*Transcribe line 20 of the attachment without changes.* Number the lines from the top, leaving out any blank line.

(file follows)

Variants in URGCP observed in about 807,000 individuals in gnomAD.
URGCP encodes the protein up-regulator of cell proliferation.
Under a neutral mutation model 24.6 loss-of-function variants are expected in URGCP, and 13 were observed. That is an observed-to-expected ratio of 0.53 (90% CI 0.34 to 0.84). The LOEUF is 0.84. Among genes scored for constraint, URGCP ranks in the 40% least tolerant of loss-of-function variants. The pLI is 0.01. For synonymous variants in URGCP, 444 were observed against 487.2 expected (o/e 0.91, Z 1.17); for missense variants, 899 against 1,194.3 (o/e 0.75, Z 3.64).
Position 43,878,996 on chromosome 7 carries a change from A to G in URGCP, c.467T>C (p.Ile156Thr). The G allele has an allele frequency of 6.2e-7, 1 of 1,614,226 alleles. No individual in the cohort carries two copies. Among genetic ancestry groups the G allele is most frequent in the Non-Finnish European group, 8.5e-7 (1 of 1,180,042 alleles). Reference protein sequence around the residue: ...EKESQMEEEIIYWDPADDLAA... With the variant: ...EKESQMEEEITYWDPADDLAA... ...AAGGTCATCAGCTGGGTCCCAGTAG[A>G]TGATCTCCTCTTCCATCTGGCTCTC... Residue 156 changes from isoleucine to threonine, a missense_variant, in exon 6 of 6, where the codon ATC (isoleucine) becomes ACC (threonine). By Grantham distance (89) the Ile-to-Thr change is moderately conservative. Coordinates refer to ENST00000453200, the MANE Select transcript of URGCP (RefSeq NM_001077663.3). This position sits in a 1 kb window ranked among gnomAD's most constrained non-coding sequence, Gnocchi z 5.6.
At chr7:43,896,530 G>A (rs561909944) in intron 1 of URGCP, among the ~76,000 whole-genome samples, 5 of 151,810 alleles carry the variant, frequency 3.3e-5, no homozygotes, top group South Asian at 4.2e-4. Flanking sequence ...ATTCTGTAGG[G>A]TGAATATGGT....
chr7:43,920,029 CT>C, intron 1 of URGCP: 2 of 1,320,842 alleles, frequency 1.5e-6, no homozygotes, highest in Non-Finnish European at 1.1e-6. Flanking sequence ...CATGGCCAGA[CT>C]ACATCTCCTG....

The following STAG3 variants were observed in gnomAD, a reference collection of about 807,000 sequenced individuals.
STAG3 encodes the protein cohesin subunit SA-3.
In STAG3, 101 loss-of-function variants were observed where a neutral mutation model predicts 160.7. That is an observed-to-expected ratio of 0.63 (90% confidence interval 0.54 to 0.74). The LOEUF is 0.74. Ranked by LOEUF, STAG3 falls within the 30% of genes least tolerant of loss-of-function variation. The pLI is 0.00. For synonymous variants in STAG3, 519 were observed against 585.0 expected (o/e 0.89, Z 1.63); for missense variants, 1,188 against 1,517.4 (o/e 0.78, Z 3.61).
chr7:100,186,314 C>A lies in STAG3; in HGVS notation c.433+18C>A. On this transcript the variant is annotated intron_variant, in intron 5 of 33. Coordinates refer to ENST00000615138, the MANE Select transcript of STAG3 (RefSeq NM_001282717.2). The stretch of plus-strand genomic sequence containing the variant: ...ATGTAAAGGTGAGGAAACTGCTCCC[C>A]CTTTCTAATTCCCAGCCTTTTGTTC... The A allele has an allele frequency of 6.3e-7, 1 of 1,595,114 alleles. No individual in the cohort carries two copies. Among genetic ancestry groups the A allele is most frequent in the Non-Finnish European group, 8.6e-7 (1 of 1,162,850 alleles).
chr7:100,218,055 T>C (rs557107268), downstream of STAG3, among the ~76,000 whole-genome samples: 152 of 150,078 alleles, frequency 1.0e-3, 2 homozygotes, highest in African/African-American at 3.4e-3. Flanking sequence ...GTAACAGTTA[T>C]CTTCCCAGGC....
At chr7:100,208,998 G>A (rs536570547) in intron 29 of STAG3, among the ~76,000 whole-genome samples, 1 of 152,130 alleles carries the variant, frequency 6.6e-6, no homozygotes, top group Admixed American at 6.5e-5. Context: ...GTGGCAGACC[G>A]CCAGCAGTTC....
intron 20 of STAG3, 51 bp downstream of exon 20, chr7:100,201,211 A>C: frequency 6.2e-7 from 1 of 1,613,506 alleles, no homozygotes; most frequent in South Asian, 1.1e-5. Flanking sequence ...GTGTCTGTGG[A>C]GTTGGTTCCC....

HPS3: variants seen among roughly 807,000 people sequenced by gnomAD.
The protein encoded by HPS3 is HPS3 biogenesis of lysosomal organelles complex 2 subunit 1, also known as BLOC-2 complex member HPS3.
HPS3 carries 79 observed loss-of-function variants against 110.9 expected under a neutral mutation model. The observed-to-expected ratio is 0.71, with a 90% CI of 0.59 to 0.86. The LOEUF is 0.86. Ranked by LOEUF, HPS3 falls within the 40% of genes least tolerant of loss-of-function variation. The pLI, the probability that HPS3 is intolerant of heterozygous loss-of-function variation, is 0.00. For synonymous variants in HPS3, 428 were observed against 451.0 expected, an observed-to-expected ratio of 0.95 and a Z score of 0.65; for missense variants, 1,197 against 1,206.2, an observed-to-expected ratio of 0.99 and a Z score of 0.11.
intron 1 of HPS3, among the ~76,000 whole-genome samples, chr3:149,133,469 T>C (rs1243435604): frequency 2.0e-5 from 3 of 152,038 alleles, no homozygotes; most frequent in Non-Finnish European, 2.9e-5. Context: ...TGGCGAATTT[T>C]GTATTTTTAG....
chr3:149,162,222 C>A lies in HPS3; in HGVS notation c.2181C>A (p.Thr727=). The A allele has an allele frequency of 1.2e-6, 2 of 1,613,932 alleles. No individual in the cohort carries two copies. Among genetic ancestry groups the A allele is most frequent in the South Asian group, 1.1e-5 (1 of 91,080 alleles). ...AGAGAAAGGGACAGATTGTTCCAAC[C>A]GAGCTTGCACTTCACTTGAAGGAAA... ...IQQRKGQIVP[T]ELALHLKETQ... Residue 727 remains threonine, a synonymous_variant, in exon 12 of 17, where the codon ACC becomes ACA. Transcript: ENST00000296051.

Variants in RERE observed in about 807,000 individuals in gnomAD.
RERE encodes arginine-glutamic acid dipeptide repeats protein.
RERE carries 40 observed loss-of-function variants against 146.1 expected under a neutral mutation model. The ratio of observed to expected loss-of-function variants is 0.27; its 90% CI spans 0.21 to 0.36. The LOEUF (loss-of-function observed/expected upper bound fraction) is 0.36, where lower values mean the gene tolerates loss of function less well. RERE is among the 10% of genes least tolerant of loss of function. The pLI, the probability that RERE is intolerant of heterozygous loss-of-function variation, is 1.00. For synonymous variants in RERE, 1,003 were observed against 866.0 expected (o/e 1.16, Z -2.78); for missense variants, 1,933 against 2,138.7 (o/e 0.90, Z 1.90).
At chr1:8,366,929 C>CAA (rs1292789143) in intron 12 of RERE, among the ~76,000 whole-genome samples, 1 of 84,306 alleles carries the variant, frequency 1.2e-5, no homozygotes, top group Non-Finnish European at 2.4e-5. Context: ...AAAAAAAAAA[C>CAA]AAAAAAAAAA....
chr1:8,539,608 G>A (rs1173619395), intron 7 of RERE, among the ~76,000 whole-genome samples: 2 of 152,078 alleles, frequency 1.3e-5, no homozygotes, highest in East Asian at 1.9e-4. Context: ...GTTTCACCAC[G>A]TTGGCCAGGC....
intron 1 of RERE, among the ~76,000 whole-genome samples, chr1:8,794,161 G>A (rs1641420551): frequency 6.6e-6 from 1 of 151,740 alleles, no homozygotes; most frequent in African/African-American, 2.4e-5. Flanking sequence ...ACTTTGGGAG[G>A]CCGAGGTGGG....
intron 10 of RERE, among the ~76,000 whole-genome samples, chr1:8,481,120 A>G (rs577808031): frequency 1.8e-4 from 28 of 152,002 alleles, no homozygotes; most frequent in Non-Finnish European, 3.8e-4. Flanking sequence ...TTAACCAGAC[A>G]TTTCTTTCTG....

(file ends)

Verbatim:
RERE encodes arginine-glutamic acid dipeptide repeats protein.